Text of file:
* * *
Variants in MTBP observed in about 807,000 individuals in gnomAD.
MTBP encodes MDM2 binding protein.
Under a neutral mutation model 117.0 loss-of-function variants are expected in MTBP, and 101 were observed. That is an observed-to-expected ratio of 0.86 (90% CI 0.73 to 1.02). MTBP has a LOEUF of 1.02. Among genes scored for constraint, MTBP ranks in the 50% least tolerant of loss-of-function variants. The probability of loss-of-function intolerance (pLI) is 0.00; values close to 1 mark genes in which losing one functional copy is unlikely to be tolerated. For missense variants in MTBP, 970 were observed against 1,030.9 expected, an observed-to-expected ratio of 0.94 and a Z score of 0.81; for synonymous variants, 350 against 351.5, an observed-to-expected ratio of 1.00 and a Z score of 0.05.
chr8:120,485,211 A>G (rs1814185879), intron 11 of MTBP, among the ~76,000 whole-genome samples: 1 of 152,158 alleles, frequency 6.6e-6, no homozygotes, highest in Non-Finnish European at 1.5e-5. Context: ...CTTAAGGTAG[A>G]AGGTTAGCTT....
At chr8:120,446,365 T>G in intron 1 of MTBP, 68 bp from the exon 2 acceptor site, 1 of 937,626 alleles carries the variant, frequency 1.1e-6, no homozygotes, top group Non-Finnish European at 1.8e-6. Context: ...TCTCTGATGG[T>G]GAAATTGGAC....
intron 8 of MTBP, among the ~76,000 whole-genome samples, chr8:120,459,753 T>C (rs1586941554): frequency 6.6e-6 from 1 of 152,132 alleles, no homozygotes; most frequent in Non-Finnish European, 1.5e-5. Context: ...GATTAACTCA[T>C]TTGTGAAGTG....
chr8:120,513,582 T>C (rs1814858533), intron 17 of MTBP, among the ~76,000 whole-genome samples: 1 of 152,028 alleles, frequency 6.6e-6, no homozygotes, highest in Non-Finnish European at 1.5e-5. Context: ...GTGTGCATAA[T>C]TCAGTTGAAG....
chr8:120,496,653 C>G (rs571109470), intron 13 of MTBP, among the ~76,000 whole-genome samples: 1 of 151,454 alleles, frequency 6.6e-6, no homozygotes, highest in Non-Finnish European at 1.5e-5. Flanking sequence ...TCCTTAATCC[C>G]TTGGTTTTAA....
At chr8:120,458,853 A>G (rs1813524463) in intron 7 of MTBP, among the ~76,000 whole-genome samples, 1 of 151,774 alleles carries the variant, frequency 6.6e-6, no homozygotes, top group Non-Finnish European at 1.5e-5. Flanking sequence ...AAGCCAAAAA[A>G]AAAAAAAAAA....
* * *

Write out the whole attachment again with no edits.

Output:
Variants in MTBP observed in about 807,000 individuals in gnomAD.
MTBP encodes MDM2 binding protein.
Under a neutral mutation model 117.0 loss-of-function variants are expected in MTBP, and 101 were observed. That is an observed-to-expected ratio of 0.86 (90% CI 0.73 to 1.02). MTBP has a LOEUF of 1.02. Among genes scored for constraint, MTBP ranks in the 50% least tolerant of loss-of-function variants. The probability of loss-of-function intolerance (pLI) is 0.00; values close to 1 mark genes in which losing one functional copy is unlikely to be tolerated. For missense variants in MTBP, 970 were observed against 1,030.9 expected, an observed-to-expected ratio of 0.94 and a Z score of 0.81; for synonymous variants, 350 against 351.5, an observed-to-expected ratio of 1.00 and a Z score of 0.05.
chr8:120,485,211 A>G (rs1814185879), intron 11 of MTBP, among the ~76,000 whole-genome samples: 1 of 152,158 alleles, frequency 6.6e-6, no homozygotes, highest in Non-Finnish European at 1.5e-5. Context: ...CTTAAGGTAG[A>G]AGGTTAGCTT....
At chr8:120,446,365 T>G in intron 1 of MTBP, 68 bp from the exon 2 acceptor site, 1 of 937,626 alleles carries the variant, frequency 1.1e-6, no homozygotes, top group Non-Finnish European at 1.8e-6. Context: ...TCTCTGATGG[T>G]GAAATTGGAC....
intron 8 of MTBP, among the ~76,000 whole-genome samples, chr8:120,459,753 T>C (rs1586941554): frequency 6.6e-6 from 1 of 152,132 alleles, no homozygotes; most frequent in Non-Finnish European, 1.5e-5. Context: ...GATTAACTCA[T>C]TTGTGAAGTG....
chr8:120,513,582 T>C (rs1814858533), intron 17 of MTBP, among the ~76,000 whole-genome samples: 1 of 152,028 alleles, frequency 6.6e-6, no homozygotes, highest in Non-Finnish European at 1.5e-5. Context: ...GTGTGCATAA[T>C]TCAGTTGAAG....
chr8:120,496,653 C>G (rs571109470), intron 13 of MTBP, among the ~76,000 whole-genome samples: 1 of 151,454 alleles, frequency 6.6e-6, no homozygotes, highest in Non-Finnish European at 1.5e-5. Flanking sequence ...TCCTTAATCC[C>G]TTGGTTTTAA....
At chr8:120,458,853 A>G (rs1813524463) in intron 7 of MTBP, among the ~76,000 whole-genome samples, 1 of 151,774 alleles carries the variant, frequency 6.6e-6, no homozygotes, top group Non-Finnish European at 1.5e-5. Flanking sequence ...AAGCCAAAAA[A>G]AAAAAAAAAA....